The 2010 Los Angeles Film Festival opens this Thursday in its new downtown location. I can’t say I am especially pleased at its moving from the comfortable leafy environs of Westwood to the soulless consumer-trap island of the LA Live complex, but then again I hardly one to stand against urban regeneration and the festival has picked up a raft of eager new local sponsors, so overall it’s probably for the best.
Hollywood Big Hitters:
As ever, one has to dig a little to find titles of interest in the programme – the opening and closing galas are solid Hollywood fare with a high-enough profile to get a decent release of some sort: The Kids are Alright, directed by Lisa Cholodenko with Julianne Moore, Annette Bening and Mark Ruffalo; and the 3D animated Despicable Me with the voice of Steve Carell planning to steal the moon, supported by countless others (Wiig, Brand, Arnett, McBride and Clement).
The special event evening conversations also have a solid Hollywood slant, featuring Sylvester Stallone, John Lithgow, Ben Affleck and, in what promises to be a fascinating occasion given his fantastic love of film-making, his longevity and his associations with numerous of the seventies movie-brat generation, an evening with Roger Corman. The Duplass brothers’ new Cyrus, starring John C. O’Reilly, Jonah Hill, Marisa Tomei and Catherine Keener gets the gala treatment, and to cap it all, there’s even a special invite-only screening of the new Twilight movie.
Eastern European Films to See:
But there’s more esoteric fare on offer for those with different priorities: the one (new) film in the programme I have seen already is Peter Strickland’s fantastic Katalin Varga, a highly controlled, spell-binding story of a woman’s revenge journey in contemporary rural Romania. Bulgaria meanwhile is represented by Eastern Plays, which treats of the street-level milieu in which a young artist and his contemporaries struggle with drugs and racial violence, possibly lent poignancy by the fact that the lead OD’d prior to the film’s completion.
Then there’s Bibliothèque Pascal from Hungary, which promises to be a movie of stories, merging dream and reality but never losing sight of the hard socio-economic conditions of the contemporary Balkans and the global market in sex traffic and, fingers crossed, hopping gypsy music.
Best European Films at the Fest:
From France comes the new Claire Denis, White Material, an evocation of post-colonial Africa whose muted reception on the international festival circuit doesn’t bode especially well, but will undoubtedly be of interest. Another festival veteran is Venice winner Lebanon from Samuel Moaz, set almost entirely within an Israeli tank during the invasion of 1982. A considerably different take on the human-level impact of religious conflict is provided by arch satirist Chris Morris’s Four Lions about a bumbling group of British jihadis; expect it trample all over the boundaries of good taste and to provide a good quota of deep belly laughs.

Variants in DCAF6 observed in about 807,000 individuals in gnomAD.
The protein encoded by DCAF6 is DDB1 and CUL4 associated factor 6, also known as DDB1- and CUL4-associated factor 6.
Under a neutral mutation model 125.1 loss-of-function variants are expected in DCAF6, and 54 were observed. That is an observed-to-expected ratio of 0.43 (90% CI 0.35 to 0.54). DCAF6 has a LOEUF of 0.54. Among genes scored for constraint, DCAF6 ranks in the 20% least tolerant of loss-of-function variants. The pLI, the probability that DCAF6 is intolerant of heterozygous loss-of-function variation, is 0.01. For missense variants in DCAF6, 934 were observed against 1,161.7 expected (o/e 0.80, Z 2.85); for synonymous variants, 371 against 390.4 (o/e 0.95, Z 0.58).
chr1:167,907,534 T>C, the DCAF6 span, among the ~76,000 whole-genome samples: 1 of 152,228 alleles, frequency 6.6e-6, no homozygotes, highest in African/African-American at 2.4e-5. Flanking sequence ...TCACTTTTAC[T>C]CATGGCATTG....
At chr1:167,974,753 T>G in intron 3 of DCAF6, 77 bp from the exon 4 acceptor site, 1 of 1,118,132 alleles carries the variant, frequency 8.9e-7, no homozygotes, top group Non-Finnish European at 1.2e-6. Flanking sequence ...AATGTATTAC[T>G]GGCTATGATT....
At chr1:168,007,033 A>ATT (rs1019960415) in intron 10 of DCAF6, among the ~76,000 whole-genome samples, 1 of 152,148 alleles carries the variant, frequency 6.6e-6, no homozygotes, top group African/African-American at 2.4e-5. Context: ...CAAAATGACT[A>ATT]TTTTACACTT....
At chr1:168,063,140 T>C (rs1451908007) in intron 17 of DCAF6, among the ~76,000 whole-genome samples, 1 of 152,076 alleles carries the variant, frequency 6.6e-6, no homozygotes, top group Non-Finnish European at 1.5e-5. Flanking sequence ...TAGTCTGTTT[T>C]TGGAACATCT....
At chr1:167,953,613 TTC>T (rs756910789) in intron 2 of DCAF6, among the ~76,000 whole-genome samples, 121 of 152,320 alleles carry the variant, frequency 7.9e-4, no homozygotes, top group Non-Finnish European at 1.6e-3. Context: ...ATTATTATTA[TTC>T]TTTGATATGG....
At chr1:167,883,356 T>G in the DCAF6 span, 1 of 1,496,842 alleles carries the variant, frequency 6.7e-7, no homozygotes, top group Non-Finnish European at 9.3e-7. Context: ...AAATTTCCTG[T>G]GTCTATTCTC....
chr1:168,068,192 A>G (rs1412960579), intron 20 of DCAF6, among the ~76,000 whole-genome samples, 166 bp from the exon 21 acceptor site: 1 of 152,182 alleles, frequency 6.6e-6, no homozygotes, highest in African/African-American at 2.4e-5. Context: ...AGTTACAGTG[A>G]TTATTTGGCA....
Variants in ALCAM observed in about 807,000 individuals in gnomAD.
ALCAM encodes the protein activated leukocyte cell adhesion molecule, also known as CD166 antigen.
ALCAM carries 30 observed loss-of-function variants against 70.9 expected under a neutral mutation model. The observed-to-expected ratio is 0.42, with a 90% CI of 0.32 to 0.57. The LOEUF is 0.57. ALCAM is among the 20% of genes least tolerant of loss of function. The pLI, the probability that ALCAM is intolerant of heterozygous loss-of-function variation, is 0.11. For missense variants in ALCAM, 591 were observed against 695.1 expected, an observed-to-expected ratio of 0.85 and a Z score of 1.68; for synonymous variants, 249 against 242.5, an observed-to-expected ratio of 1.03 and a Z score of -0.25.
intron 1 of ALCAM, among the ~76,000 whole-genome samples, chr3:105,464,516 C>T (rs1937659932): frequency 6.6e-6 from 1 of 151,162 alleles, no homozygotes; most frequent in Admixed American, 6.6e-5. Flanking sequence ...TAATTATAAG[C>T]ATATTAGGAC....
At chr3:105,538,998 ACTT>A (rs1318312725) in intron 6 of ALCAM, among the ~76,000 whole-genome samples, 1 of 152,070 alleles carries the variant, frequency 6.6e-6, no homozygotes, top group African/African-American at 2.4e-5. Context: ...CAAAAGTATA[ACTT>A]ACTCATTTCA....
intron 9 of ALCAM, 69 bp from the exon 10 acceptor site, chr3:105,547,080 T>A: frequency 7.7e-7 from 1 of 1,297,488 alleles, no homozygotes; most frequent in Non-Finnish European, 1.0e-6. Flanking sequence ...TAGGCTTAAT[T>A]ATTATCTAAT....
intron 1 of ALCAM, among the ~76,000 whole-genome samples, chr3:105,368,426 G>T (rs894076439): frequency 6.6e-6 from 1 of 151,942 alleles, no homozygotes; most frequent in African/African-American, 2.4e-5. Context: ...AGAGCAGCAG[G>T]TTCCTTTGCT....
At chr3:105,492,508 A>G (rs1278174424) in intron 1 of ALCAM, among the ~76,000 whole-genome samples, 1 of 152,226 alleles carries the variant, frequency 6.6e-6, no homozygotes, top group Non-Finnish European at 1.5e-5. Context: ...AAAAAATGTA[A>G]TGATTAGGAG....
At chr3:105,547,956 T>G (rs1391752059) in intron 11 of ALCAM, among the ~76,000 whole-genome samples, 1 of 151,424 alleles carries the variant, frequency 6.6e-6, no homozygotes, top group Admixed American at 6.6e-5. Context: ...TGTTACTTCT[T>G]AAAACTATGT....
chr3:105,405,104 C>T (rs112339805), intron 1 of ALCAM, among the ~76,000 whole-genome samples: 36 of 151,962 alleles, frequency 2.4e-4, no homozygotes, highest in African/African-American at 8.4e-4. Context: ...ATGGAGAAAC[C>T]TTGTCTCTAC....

Must See Asian Cinema:
New Asian cinema is usually a good bet, and most intriguing here is Korean critic-turned-film-maker Jung Sung-il’s Café noir which puts a lovelorn music teacher as the centre of a sprawling (3-hour plus) and playful derivation of Goethe and Dostoevsky.
More light-hearted, perhaps, from Japan we have Parade, a mismatched room-mate sitcom drama with a sinister edge, and the crazy-sounding Golden Slumber, also from Japan, a serio-comic thriller that’s already been a big hit at home and is described as a cross between The Fugitive and Pee-Wee’s Big Adventure (also screening, for its 25th anniversary).
Light-heartedly entertaining I’m sure will be the Chilean Mandrill, a must-see for anyone who caught the same team’s hugely endearing Mirageman at the LAFF a couple of years ago; this time affable, hunky Marko Zaror plays an archetypical tough guy/international man of mystery hitman type on the search for his parents’ killer. It will be funny, and there’ll be good fights.
My go-to country at festivals is usually Argentina – nothing contemporary here, but an exciting retrospective of the now largely forgotten Leopoldo Torre Nilsson, whose presence on the festival scene in the fifties, sixties and seventies saw him compared to Bergman, Buñuel and Welles. Four of his features from 1959 to 1973 are showing: expect expressionistic monochrome, hothouse psychology and sly social observation starring, three times out of four, his beautiful and intriguing muse Elsa Daniel.
There’s a handful of other revivals, including Walter Hill’s steely, existential The Driver and Visconti’s sumptuous but stultifying The Leopard, but the one to see without fail is the Film Foundation’s restoration of Satyajit Ray’s sublime and rarely-screened Jalsaghar (The Music Room) from 1958. Time, wealth and social orders pass, but the glory of music, and the urge to make it heard, remain undimmed.
Screenings take place between Thursday 17 and Sunday 27 at various venues downtown, from the LA Live complex to REDCAT, with special showings at the Ford Amphitheater. The programme is rounded out by documentaries (with a special focus on Mexico), shorts and music videos, conversations and a DIY distribution symposium, and you can find out all about it at the official website (click on titles above for individual trailers).